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Syrian Unrest: Arab League Finally Finds Voice to Condemn Assad Regime

Posted on the 08 August 2011 by Periscope @periscopepost
Syrian unrest: Arab League finally finds voice to condemn Assad regime

Syrian President Bashar al-Assad. Photo credit: PanArmenian Photo

Syrian President Bashar al-Assad latest ruthless suppression of anti-government protests, which saw 50 people killed by the regime on Sunday as the tanks rolled into Deir al-Zour and Houleh, has motivated the Arab League and the Gulf Cooperation Council economic bloc to voice significant criticism of the Assad regime for the first time in five months of unrest. The continued repression also prompted Saudi Arabia and Kuwait to withdraw their ambassadors from Damascus. And hactivist collective Anonymous has shown its support for the Syrian opposition by hacking Syrian government websites.

Syrian unrest has left 1,600 Syrian civilians dead according to human rights activists. But Arab state condemnation has been relatively muted until this weekend. “Any sane Arab, Muslim or anyone else knows that this has nothing to do with religion, or ethics or morals,” Saudi Arabia’s King Abdullah said in a statement, which called for an end to the Assad regime’s violence.

Assad defended the weekend crack-down by saying that government strikes were aimed at safeguarding its citizens against “outlaws.” “To deal with outlaws who cut off roads, seal towns and terrorise residents is a duty of the state which must defend security and protect the lives of civilians,” he said.

  • Arab League expresses ‘growing concern.’ Arab League chief Nabil Elaraby said on Monday the pan-Arab body would use persuasion rather than “drastic measures” to press for an end to violence in Syria, reported Reuters, which noted that the “muted Arab response on Syria has contrasted with the League’s backing for a ‘no-fly zone’ over Libya after an uprising began there.” “What is happening in Syria worries the League and the world. Dialogue and ending violence are the only options. Handling protests and calls for change cannot be through violence. The Arab League is hopeful and expects a positive response from Syria to the League’s statement,” said Elaraby.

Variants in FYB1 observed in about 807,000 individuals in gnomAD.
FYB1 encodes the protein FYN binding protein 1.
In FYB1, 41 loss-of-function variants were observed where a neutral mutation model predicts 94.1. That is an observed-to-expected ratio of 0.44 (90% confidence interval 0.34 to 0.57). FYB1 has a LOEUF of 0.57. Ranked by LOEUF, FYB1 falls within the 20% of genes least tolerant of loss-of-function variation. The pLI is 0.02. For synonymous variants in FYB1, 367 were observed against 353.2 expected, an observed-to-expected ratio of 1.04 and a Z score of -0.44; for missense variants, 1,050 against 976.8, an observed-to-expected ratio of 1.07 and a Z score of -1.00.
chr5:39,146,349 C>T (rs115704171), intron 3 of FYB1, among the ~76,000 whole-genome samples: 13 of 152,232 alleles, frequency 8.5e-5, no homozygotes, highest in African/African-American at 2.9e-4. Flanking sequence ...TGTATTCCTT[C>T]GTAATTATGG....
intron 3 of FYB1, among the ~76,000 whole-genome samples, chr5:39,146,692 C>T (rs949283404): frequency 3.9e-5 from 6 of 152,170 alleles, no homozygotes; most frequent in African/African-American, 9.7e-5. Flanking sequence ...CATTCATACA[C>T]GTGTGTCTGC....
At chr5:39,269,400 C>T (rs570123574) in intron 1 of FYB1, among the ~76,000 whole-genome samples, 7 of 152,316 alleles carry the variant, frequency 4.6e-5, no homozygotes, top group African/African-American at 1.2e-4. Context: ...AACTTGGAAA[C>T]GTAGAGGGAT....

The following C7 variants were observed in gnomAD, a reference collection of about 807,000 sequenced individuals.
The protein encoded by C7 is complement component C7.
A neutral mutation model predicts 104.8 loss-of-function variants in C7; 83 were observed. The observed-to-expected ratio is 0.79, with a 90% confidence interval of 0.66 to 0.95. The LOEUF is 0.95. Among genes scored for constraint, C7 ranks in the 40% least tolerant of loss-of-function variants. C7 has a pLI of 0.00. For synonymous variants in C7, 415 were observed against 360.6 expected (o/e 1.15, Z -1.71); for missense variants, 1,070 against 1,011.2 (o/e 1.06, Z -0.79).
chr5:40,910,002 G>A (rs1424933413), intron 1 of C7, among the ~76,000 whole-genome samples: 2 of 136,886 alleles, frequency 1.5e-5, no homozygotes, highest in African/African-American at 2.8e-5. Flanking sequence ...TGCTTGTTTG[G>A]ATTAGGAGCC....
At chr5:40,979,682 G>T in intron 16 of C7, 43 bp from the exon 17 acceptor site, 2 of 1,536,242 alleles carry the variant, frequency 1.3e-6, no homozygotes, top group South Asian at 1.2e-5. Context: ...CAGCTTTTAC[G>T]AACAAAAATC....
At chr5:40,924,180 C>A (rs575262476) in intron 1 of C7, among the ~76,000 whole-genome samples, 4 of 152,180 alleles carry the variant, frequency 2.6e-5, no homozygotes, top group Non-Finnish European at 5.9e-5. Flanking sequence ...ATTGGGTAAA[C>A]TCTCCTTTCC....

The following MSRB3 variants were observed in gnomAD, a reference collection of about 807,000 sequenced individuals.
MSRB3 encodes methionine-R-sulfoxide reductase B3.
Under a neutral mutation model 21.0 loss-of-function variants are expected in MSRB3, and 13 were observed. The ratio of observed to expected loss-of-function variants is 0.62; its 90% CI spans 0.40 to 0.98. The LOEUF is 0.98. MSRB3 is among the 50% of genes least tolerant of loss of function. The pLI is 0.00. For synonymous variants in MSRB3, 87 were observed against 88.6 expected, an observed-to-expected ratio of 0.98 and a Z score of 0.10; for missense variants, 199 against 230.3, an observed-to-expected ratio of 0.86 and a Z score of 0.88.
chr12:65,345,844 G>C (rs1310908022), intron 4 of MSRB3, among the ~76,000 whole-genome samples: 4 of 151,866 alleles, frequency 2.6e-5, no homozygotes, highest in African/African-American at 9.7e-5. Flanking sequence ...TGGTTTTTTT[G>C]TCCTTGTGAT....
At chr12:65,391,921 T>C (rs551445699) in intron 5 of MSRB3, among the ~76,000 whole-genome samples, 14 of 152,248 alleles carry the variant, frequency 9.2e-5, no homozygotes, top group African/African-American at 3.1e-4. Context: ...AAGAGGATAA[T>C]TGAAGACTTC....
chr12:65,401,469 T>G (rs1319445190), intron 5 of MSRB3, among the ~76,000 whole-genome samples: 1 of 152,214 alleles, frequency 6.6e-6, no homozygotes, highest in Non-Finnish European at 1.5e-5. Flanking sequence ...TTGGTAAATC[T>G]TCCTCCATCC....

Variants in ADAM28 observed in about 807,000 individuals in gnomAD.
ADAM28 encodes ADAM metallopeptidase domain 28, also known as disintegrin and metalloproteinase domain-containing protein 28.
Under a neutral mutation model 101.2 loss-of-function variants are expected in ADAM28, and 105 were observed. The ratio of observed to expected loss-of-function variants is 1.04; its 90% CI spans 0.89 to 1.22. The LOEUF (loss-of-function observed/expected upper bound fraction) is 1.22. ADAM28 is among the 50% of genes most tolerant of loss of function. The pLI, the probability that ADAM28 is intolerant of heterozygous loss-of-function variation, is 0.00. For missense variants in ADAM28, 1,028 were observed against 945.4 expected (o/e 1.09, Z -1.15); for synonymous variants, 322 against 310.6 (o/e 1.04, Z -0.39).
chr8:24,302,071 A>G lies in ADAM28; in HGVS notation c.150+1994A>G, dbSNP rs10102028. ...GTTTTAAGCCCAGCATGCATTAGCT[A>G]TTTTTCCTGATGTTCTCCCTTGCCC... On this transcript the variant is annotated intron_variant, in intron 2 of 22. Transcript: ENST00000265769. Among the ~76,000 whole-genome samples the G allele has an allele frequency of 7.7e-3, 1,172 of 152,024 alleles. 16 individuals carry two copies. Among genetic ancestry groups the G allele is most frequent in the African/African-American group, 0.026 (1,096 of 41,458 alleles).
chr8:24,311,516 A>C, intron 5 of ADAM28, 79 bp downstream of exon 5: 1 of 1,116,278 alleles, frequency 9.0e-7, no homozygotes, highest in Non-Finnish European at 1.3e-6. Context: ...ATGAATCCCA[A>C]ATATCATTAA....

• Coalition of neighbours ganging up against Assad? The Daily Telegraph suggested that Syria’s neighbours are now building a coalition against Assad. “It is very likely that these various (weekend) statements were coordinated, and that they form part of a process aimed at building a coalition against Syria’s government.” The paper suggested the role of Turkey is key, given it is the “only country with the military capability, national security interests and favourable geographic location that can intervene in Syria.” The paper forecast that Turkey may receive international support, from Nato and the Arab League and possibly from the UN Security Council, to send troops into northern Syria.
  • The Saudi Arabian position is key. Ariel Zirulnick at The Christian Science Monitor played up the importance of the Saudi Arabian condemnation. He noted that “Saudi Arabia is largely aligned against Syria, which has close ties with Saudi rival Iran,” and, as one of the most powerful nations in the Middle East, “the kingdom wields significant influence. Saudi Arabia’s condemnation is also noteworthy because it has largely stayed quiet in the face of other uprisings.”

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